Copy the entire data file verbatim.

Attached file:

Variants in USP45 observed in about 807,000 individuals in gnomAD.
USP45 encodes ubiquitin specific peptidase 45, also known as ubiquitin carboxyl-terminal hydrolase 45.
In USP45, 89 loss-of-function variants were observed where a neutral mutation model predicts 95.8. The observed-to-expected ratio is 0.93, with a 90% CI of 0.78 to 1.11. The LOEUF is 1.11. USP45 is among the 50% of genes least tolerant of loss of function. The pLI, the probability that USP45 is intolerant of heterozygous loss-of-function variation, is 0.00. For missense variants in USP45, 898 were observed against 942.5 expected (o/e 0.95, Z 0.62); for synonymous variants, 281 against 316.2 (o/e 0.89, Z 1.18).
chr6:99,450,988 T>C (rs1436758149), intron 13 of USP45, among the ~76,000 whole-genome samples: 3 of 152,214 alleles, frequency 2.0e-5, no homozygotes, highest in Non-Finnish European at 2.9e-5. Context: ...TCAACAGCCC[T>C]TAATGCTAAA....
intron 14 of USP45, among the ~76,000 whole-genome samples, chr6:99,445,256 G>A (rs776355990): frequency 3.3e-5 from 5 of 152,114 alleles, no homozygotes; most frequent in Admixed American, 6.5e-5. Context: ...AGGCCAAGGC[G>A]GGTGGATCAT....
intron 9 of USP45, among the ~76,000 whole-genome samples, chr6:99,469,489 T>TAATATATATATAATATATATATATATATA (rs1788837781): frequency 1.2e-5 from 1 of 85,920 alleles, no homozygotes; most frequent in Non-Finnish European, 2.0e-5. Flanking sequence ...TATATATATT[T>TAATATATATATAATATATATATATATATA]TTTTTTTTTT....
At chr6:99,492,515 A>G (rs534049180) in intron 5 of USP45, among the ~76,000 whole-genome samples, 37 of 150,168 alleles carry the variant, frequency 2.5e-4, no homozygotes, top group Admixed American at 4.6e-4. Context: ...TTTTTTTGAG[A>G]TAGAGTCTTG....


Variants in USP45 observed in about 807,000 individuals in gnomAD.
USP45 encodes ubiquitin specific peptidase 45, also known as ubiquitin carboxyl-terminal hydrolase 45.
In USP45, 89 loss-of-function variants were observed where a neutral mutation model predicts 95.8. The observed-to-expected ratio is 0.93, with a 90% CI of 0.78 to 1.11. The LOEUF is 1.11. USP45 is among the 50% of genes least tolerant of loss of function. The pLI, the probability that USP45 is intolerant of heterozygous loss-of-function variation, is 0.00. For missense variants in USP45, 898 were observed against 942.5 expected (o/e 0.95, Z 0.62); for synonymous variants, 281 against 316.2 (o/e 0.89, Z 1.18).
chr6:99,450,988 T>C (rs1436758149), intron 13 of USP45, among the ~76,000 whole-genome samples: 3 of 152,214 alleles, frequency 2.0e-5, no homozygotes, highest in Non-Finnish European at 2.9e-5. Context: ...TCAACAGCCC[T>C]TAATGCTAAA....
intron 14 of USP45, among the ~76,000 whole-genome samples, chr6:99,445,256 G>A (rs776355990): frequency 3.3e-5 from 5 of 152,114 alleles, no homozygotes; most frequent in Admixed American, 6.5e-5. Context: ...AGGCCAAGGC[G>A]GGTGGATCAT....
intron 9 of USP45, among the ~76,000 whole-genome samples, chr6:99,469,489 T>TAATATATATATAATATATATATATATATA (rs1788837781): frequency 1.2e-5 from 1 of 85,920 alleles, no homozygotes; most frequent in Non-Finnish European, 2.0e-5. Flanking sequence ...TATATATATT[T>TAATATATATATAATATATATATATATATA]TTTTTTTTTT....
At chr6:99,492,515 A>G (rs534049180) in intron 5 of USP45, among the ~76,000 whole-genome samples, 37 of 150,168 alleles carry the variant, frequency 2.5e-4, no homozygotes, top group Admixed American at 4.6e-4. Context: ...TTTTTTTGAG[A>G]TAGAGTCTTG....